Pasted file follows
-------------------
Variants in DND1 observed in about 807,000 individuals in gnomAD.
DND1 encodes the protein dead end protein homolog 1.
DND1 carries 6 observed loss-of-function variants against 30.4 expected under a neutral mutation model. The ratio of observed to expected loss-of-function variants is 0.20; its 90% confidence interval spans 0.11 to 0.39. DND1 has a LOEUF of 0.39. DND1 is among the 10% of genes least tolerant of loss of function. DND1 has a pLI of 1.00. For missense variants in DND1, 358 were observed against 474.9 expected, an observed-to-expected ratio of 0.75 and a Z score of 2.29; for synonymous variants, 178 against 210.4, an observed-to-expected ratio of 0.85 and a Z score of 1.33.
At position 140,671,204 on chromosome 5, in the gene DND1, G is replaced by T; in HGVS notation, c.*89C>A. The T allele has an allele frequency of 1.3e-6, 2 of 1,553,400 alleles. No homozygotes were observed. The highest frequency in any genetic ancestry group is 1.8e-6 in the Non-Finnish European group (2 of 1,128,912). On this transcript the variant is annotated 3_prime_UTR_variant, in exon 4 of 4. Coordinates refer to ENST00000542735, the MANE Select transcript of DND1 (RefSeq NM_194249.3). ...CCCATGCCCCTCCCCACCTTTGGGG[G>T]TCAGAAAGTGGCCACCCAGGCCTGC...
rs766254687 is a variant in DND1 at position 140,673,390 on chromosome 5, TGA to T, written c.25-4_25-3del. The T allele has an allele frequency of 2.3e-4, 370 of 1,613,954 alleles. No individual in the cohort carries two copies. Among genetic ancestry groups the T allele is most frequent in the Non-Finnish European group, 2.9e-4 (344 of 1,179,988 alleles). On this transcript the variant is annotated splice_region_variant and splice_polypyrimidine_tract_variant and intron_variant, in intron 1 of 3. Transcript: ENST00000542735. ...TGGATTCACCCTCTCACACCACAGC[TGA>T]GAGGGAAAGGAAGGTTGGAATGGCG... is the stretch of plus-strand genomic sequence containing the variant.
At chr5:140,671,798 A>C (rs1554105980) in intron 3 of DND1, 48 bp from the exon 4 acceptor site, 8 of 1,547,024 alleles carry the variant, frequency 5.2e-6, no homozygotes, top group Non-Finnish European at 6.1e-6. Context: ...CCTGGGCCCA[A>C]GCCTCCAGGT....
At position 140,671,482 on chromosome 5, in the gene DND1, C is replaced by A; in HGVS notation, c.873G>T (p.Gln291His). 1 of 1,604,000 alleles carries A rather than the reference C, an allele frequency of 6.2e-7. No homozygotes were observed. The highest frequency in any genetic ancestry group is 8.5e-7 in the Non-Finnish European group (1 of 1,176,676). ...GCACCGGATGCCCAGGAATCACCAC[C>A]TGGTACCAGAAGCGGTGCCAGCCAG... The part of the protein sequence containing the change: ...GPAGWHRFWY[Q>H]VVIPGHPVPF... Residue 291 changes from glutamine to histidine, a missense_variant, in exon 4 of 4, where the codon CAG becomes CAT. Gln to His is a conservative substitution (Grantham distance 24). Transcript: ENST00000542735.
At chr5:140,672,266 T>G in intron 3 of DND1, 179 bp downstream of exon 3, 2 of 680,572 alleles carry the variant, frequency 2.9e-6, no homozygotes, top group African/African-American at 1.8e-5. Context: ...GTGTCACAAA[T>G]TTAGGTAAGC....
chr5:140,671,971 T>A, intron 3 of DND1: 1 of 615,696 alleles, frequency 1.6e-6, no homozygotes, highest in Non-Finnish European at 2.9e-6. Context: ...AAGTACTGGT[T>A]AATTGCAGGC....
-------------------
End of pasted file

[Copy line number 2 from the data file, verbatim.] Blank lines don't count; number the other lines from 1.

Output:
DND1 encodes the protein dead end protein homolog 1.